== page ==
14amendatory Act of the 102nd General Assembly.
15    (3) The Board may defer taking final action on an
16application to discontinue a hospital that is filed on or
17after January 12, 2021, until the earlier to occur of: (i) the
18expiration of the statewide disaster declaration proclaimed by
19the Governor of the State of Illinois due to the COVID-19
20pandemic that is in effect on January 12, 2021, or any
21extension thereof, or July 1, 2021, whichever occurs later; or
22(ii) the expiration of the declaration of a public health
23emergency due to the COVID-19 pandemic as declared by the
24Secretary of the U.S. Department of Health and Human Services
25that is in effect on January 12, 2021, or any extension
26thereof, or July 1, 2021, whichever occurs later. This

 

 

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1paragraph (3) is repealed as of the date of the expiration of
2the statewide disaster declaration proclaimed by the Governor
3of the State of Illinois due to the COVID-19 pandemic that is
4in effect on January 12, 2021, or any extension thereof, or
5July 1, 2021, whichever occurs later.
6    (d) The changes made to this Section by this amendatory
7Act of the 101st General Assembly shall apply to all
8applications submitted after the effective date of this
9amendatory Act of the 101st General Assembly.
10(Source: P.A. 101-83, eff. 7-15-19; 101-650, eff. 7-7-20.)
 
11
Title VIII. Managed Care Organization Reform

 
12
Article 150.

 
13    Section 150-5. The Illinois Public Aid Code is amended by
14changing Section 5-30.1 as follows:
 
15    (305 ILCS 5/5-30.1)
16    Sec. 5-30.1. Managed care protections.
17    (a) As used in this Section:
18    "Managed care organization" or "MCO" means any entity
19which contracts with the Department to provide services where
20payment for medical services is made on a capitated basis.
21    "Emergency services" include:
22        (1) emergency services, as defined by Section 10 of

 

 

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1    the Managed Care Reform and Patient Rights Act;
2        (2) emergency medical screening examinations, as
3    defined by Section 10 of the Managed Care Reform and
4    Patient Rights Act;
5        (3) post-stabilization medical services, as defined by
6    Section 10 of the Managed Care Reform and Patient Rights
7    Act; and
8        (4) emergency medical conditions, as defined by
9    Section 10 of the Managed Care Reform and Patient Rights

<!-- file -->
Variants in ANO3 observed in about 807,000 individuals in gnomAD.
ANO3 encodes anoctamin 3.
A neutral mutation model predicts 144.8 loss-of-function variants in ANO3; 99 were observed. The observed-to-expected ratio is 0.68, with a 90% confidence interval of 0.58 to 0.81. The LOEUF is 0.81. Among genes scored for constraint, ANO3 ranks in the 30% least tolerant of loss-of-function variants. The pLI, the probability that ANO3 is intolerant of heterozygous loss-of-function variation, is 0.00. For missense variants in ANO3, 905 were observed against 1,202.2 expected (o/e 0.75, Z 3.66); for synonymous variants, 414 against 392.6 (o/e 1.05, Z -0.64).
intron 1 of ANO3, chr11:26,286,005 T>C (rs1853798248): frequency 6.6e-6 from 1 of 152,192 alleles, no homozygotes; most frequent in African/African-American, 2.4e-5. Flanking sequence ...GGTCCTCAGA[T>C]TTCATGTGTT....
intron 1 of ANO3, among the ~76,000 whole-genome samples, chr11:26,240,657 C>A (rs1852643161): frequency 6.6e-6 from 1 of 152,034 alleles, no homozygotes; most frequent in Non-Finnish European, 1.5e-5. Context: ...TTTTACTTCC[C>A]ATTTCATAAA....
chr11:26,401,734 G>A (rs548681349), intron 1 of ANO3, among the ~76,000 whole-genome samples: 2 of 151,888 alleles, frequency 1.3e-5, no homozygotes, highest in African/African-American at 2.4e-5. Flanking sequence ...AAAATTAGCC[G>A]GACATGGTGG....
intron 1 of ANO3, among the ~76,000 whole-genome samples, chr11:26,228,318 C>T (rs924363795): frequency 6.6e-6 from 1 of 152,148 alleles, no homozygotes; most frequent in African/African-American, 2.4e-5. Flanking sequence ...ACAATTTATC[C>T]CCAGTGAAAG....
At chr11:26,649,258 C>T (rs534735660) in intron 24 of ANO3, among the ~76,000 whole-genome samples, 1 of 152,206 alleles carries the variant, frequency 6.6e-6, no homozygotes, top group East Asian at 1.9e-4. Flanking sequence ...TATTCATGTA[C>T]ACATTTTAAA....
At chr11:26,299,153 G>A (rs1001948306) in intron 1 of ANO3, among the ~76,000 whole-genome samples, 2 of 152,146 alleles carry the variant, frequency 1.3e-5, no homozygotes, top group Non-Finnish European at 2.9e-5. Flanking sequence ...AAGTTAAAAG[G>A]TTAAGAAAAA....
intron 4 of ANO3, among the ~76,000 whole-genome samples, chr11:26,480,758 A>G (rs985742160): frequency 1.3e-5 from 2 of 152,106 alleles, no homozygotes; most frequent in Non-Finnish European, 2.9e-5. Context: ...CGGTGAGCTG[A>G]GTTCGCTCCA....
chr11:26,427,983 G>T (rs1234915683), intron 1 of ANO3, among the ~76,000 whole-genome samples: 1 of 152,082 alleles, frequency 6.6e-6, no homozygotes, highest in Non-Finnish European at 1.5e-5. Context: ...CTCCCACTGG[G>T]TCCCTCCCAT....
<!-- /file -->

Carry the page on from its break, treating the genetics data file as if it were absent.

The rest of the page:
10    Act.
11    (b) As provided by Section 5-16.12, managed care
12organizations are subject to the provisions of the Managed
13Care Reform and Patient Rights Act.
14    (c) An MCO shall pay any provider of emergency services
15that does not have in effect a contract with the contracted
16Medicaid MCO. The default rate of reimbursement shall be the
17rate paid under Illinois Medicaid fee-for-service program
18methodology, including all policy adjusters, including but not
19limited to Medicaid High Volume Adjustments, Medicaid
20Percentage Adjustments, Outpatient High Volume Adjustments,
21and all outlier add-on adjustments to the extent such
22adjustments are incorporated in the development of the
23applicable MCO capitated rates.
24    (d) An MCO shall pay for all post-stabilization services
25as a covered service in any of the following situations:
26        (1) the MCO authorized such services;

 

 

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1        (2) such services were administered to maintain the
2    enrollee's stabilized condition within one hour after a
3    request to the MCO for authorization of further
4    post-stabilization services;
5        (3) the MCO did not respond to a request to authorize
6    such services within one hour;
7        (4) the MCO could not be contacted; or
8        (5) the MCO and the treating provider, if the treating
9    provider is a non-affiliated provider, could not reach an
10    agreement concerning the enrollee's care and an affiliated
11    provider was unavailable for a consultation, in which case
12    the MCO must pay for such services rendered by the
13    treating non-affiliated provider until an affiliated
14    provider was reached and either concurred with the
15    treating non-affiliated provider's plan of care or assumed
16    responsibility for the enrollee's care. Such payment shall
17    be made at the default rate of reimbursement paid under
18    Illinois Medicaid fee-for-service program methodology,
19    including all policy adjusters, including but not limited
20    to Medicaid High Volume Adjustments, Medicaid Percentage